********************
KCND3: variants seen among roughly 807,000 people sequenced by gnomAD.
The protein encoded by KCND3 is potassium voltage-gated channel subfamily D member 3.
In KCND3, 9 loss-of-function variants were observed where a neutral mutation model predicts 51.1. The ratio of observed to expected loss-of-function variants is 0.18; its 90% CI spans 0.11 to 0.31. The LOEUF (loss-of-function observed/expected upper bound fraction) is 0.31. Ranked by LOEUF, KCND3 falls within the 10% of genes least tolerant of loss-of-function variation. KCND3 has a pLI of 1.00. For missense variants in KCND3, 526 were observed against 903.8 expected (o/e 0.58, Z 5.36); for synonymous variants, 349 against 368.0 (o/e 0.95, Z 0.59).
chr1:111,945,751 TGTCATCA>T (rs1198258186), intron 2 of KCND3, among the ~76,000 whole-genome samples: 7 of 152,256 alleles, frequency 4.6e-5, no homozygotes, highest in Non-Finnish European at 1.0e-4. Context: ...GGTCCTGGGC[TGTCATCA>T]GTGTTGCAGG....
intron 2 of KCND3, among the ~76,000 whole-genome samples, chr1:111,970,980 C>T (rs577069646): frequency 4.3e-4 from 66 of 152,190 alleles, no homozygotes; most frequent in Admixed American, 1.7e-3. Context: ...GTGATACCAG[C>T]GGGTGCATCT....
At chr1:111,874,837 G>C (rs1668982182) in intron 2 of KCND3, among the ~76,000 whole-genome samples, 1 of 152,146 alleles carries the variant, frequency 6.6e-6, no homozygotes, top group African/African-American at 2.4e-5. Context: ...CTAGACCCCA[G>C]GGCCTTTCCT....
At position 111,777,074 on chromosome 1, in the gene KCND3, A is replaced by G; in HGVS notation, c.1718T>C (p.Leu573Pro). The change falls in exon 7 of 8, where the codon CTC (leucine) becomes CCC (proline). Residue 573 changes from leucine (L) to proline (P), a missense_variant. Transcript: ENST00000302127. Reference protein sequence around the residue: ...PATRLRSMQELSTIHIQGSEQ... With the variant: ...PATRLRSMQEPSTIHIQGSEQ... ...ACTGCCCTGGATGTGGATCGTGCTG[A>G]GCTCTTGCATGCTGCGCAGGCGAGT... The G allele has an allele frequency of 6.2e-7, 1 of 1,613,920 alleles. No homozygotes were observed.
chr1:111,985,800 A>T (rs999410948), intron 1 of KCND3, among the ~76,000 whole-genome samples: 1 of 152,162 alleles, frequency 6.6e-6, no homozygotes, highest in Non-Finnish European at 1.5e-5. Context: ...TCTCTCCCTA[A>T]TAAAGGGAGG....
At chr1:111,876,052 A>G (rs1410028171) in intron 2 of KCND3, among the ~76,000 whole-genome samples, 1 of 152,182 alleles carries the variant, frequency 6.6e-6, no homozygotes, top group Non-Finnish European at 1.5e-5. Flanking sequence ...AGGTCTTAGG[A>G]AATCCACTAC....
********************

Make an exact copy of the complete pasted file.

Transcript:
KCND3: variants seen among roughly 807,000 people sequenced by gnomAD.
The protein encoded by KCND3 is potassium voltage-gated channel subfamily D member 3.
In KCND3, 9 loss-of-function variants were observed where a neutral mutation model predicts 51.1. The ratio of observed to expected loss-of-function variants is 0.18; its 90% CI spans 0.11 to 0.31. The LOEUF (loss-of-function observed/expected upper bound fraction) is 0.31. Ranked by LOEUF, KCND3 falls within the 10% of genes least tolerant of loss-of-function variation. KCND3 has a pLI of 1.00. For missense variants in KCND3, 526 were observed against 903.8 expected (o/e 0.58, Z 5.36); for synonymous variants, 349 against 368.0 (o/e 0.95, Z 0.59).
chr1:111,945,751 TGTCATCA>T (rs1198258186), intron 2 of KCND3, among the ~76,000 whole-genome samples: 7 of 152,256 alleles, frequency 4.6e-5, no homozygotes, highest in Non-Finnish European at 1.0e-4. Context: ...GGTCCTGGGC[TGTCATCA>T]GTGTTGCAGG....
intron 2 of KCND3, among the ~76,000 whole-genome samples, chr1:111,970,980 C>T (rs577069646): frequency 4.3e-4 from 66 of 152,190 alleles, no homozygotes; most frequent in Admixed American, 1.7e-3. Context: ...GTGATACCAG[C>T]GGGTGCATCT....
At chr1:111,874,837 G>C (rs1668982182) in intron 2 of KCND3, among the ~76,000 whole-genome samples, 1 of 152,146 alleles carries the variant, frequency 6.6e-6, no homozygotes, top group African/African-American at 2.4e-5. Context: ...CTAGACCCCA[G>C]GGCCTTTCCT....
At position 111,777,074 on chromosome 1, in the gene KCND3, A is replaced by G; in HGVS notation, c.1718T>C (p.Leu573Pro). The change falls in exon 7 of 8, where the codon CTC (leucine) becomes CCC (proline). Residue 573 changes from leucine (L) to proline (P), a missense_variant. Transcript: ENST00000302127. Reference protein sequence around the residue: ...PATRLRSMQELSTIHIQGSEQ... With the variant: ...PATRLRSMQEPSTIHIQGSEQ... ...ACTGCCCTGGATGTGGATCGTGCTG[A>G]GCTCTTGCATGCTGCGCAGGCGAGT... The G allele has an allele frequency of 6.2e-7, 1 of 1,613,920 alleles. No homozygotes were observed.
chr1:111,985,800 A>T (rs999410948), intron 1 of KCND3, among the ~76,000 whole-genome samples: 1 of 152,162 alleles, frequency 6.6e-6, no homozygotes, highest in Non-Finnish European at 1.5e-5. Context: ...TCTCTCCCTA[A>T]TAAAGGGAGG....
At chr1:111,876,052 A>G (rs1410028171) in intron 2 of KCND3, among the ~76,000 whole-genome samples, 1 of 152,182 alleles carries the variant, frequency 6.6e-6, no homozygotes, top group Non-Finnish European at 1.5e-5. Flanking sequence ...AGGTCTTAGG[A>G]AATCCACTAC....